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Oklahoma Team Struggled to Find Vein Before Botched Execution

New details of Clayton Lockett's execution reveal he was Tasered and cut his own arm in the hours before the lethal injection.
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The lethal injection in the botched Oklahoma execution was given through the inmate’s groin after a specialist could not find a good spot on his arms, legs or feet, the state’s prison chief revealed Thursday.

Clayton Lockett’s legal team denounced the method as “invasive and painful,” speculated that it was done incorrectly and accused the state of trying to “whitewash” the death-row debacle.

The new details about how the three-drug combination was administered came in a letter from Department of Corrections director Robert Patton to Governor Mary Fallin, which also disclosed that Lockett was Tasered and cut his own arm in the hours before the execution.

Patton recommended an indefinite delay in executions until a review of the state's lethal injection protocol ordered by Fallin is complete.

Fallin had ordered a two-week delay in the next execution, but Patton said it could take longer "to refine the new protocols."

"I intend to explore best practices from other states and ensure the Oklahoma protocol adopts proven standards," he wrote.

He also suggested that state officials more senior than a prison warden should have the responsibility of making execution decisions.

Lockett’s death has renewed debate over the use of lethal injections amid drug shortages that have forced states to come up with new execution formulas.

Oklahoma was trying a new drug protocol on Lockett, who raped one woman, shot another and ordered two accomplices to bury her alive.

Witnesses have said Lockett, 38, appeared to be awake, in pain and struggling several minutes after he was declared unconscious.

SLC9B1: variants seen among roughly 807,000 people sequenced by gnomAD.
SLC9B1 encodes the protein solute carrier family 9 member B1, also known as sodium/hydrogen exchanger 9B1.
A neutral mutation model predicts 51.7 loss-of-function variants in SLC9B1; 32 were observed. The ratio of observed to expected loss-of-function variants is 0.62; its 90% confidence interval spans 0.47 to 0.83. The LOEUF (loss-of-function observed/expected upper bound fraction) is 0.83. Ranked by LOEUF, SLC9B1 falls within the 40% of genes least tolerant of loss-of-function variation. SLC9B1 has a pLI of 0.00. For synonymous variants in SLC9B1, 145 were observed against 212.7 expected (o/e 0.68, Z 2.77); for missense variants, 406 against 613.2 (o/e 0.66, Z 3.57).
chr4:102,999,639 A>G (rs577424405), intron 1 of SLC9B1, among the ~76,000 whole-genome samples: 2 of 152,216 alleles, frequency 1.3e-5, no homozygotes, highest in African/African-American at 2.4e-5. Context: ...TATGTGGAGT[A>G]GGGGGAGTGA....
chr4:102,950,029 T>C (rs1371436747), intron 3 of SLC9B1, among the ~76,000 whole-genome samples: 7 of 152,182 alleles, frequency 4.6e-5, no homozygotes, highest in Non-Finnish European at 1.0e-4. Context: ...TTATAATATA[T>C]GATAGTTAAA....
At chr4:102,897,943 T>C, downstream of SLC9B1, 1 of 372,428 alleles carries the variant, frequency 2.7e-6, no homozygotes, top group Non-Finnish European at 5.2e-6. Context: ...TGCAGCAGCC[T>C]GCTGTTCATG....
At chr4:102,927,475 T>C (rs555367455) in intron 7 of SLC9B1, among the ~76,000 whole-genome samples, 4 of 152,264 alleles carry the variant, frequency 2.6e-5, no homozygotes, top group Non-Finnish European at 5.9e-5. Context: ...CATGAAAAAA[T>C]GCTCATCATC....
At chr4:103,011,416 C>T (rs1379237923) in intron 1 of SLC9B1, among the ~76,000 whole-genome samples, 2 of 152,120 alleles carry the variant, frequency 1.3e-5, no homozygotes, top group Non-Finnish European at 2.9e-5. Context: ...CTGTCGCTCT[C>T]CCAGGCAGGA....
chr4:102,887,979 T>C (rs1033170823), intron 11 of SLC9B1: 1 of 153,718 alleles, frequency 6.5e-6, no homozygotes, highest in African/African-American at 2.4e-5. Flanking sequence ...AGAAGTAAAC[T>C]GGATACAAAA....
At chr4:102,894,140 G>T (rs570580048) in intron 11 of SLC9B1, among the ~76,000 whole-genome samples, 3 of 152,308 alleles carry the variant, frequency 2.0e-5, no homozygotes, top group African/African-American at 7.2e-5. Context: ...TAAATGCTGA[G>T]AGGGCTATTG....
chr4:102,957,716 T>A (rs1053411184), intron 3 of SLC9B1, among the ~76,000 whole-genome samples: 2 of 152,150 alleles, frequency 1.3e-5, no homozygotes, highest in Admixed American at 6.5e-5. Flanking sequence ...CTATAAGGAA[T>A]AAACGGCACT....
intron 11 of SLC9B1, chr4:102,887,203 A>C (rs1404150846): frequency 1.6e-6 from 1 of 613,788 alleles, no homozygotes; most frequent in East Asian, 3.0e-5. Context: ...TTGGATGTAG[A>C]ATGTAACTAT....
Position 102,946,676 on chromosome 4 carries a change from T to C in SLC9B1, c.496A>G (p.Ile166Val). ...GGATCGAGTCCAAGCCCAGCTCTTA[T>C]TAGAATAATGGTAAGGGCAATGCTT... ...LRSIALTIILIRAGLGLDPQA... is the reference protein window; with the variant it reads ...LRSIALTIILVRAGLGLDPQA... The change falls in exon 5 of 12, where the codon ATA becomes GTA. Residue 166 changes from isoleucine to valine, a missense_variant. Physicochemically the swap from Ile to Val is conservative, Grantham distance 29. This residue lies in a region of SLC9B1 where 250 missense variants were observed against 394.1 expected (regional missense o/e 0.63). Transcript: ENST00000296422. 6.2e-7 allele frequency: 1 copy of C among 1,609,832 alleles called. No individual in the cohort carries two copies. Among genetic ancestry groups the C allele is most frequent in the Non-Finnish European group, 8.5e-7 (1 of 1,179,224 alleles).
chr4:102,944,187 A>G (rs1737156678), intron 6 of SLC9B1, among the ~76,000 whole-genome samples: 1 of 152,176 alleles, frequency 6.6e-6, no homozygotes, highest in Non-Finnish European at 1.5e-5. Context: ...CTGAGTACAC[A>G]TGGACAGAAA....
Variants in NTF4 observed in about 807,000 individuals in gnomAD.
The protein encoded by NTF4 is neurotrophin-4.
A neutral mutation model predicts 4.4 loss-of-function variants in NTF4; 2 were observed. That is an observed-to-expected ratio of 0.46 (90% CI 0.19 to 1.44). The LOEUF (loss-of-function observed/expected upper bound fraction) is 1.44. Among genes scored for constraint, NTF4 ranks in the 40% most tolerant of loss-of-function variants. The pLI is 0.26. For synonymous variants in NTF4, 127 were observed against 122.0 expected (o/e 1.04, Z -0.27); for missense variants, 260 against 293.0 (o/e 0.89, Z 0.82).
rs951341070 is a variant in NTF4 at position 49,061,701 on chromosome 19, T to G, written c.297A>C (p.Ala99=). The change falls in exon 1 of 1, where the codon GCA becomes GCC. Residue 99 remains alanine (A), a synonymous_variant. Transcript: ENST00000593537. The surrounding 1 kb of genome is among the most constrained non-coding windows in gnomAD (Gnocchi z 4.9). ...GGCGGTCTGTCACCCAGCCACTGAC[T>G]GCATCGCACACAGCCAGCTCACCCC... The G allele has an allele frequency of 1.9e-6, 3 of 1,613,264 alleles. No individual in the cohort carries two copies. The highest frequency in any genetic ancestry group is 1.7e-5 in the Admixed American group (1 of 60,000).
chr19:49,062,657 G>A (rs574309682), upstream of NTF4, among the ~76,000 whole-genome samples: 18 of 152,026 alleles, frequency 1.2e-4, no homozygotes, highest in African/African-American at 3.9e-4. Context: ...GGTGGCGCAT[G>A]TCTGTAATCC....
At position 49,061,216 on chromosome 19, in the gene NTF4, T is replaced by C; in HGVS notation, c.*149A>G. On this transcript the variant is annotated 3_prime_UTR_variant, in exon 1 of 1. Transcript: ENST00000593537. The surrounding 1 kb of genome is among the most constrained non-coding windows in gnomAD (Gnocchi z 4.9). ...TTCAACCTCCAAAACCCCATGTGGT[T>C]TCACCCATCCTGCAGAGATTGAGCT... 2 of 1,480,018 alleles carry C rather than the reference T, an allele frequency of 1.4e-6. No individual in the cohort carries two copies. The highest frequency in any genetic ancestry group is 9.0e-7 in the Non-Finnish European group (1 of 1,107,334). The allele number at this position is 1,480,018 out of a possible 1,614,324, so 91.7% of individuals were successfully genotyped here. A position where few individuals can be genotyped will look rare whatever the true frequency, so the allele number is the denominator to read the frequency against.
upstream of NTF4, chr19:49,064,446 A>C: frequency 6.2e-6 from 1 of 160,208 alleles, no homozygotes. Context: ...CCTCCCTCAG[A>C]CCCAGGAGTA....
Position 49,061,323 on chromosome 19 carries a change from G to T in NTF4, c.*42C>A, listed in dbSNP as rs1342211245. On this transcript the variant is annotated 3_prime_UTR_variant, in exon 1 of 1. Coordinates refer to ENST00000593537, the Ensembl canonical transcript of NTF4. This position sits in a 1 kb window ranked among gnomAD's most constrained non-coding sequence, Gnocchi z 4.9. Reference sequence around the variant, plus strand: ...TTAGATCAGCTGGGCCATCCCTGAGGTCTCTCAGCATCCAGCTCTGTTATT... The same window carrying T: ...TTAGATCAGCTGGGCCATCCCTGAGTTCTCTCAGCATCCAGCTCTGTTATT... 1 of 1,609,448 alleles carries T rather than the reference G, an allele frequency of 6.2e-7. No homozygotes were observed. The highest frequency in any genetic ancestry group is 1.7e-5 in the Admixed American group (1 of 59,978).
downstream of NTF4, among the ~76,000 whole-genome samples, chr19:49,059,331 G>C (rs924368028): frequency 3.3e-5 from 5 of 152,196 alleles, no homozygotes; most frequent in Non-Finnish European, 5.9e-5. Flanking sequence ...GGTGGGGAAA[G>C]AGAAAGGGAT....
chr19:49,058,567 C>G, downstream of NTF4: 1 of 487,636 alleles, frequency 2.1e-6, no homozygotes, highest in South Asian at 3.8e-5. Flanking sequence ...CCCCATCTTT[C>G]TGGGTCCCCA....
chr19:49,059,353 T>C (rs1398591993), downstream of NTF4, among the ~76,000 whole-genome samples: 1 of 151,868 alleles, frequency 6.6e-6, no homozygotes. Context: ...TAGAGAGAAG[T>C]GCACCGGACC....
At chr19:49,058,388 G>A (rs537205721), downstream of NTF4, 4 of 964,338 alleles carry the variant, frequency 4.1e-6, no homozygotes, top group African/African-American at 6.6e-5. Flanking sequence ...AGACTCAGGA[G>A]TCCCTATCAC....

His movements on the death-chamber gurney were not mentioned in Patton's timeline of the execution, which did reveal that Lockett was not cooperative during execution preparations.

Prison officers used a stun-gun on condemned man when he refused to be restrained for pre-execution medical X-rays, Patton said.

During the subsequent exam, a "self-inflicted laceration" was discovered on his right arm, but it did not require stitches, he wrote.

Lockett, 38, also refused final visits with his lawyers and his last meal.

After he was brought to the execution chamber, a phlebotomist could not find a good place on his arms, legs and feet to put the IV and instead ran the line into his groin.

Other key points in the timeline:

  • 6:18 p.m. — Lethal injection IV lines are inserted.
  • 6:23 p.m. — The first drug, midazolam, is given to cause loss of consciousness.
  • 6:33 p.m. — Doctor declares Lockett unconscious and begins administering two other drugs, the paralytic vecuronium bromide and the heart-stopper potassium chloride.
  • 6:42 p.m. — Shades lowered to block view by witnesses.
  • 6:44 to 6:56 p.m. — Doctor reports blood vein collapsed, drugs either absorbed into tissue, leaked out, or both. Doctor says not enough drugs have been administered to cause death, that no other vein is available, and that not enough drugs remain. The doctor detects a faint heartbeat.
  • 6:56 p.m. — Execution is halted.
  • 7:06 p.m. — Lockett pronounced dead.

A second inmate, Charles Warner, who raped and killed an 11-month-old baby, was due to be executed right after Lockett but his lethal injection was rescheduled for May 13.

Warner’s lawyer, Madeline Cohen, said she agrees with Patton’s call for an indefinite stay of execution and urged that the probe be carried out by someone outside Fallin’s administration.

“Oklahoma is revealing information about this excruciatingly inhumane execution in a chaotic manner, with the threat of execution looming over Charles Warner,” she said.

“No execution should take place in Oklahoma until there has been time for a thorough and truly independent investigation into the protocol, the drugs and the manner in which Oklahoma carries out executions.

“This most recent information about the tortuous death of Mr. Lockett, and the State's efforts to whitewash the situation, only intensifies the need for transparency."

NBC News' Tracy Connor contributed to this report.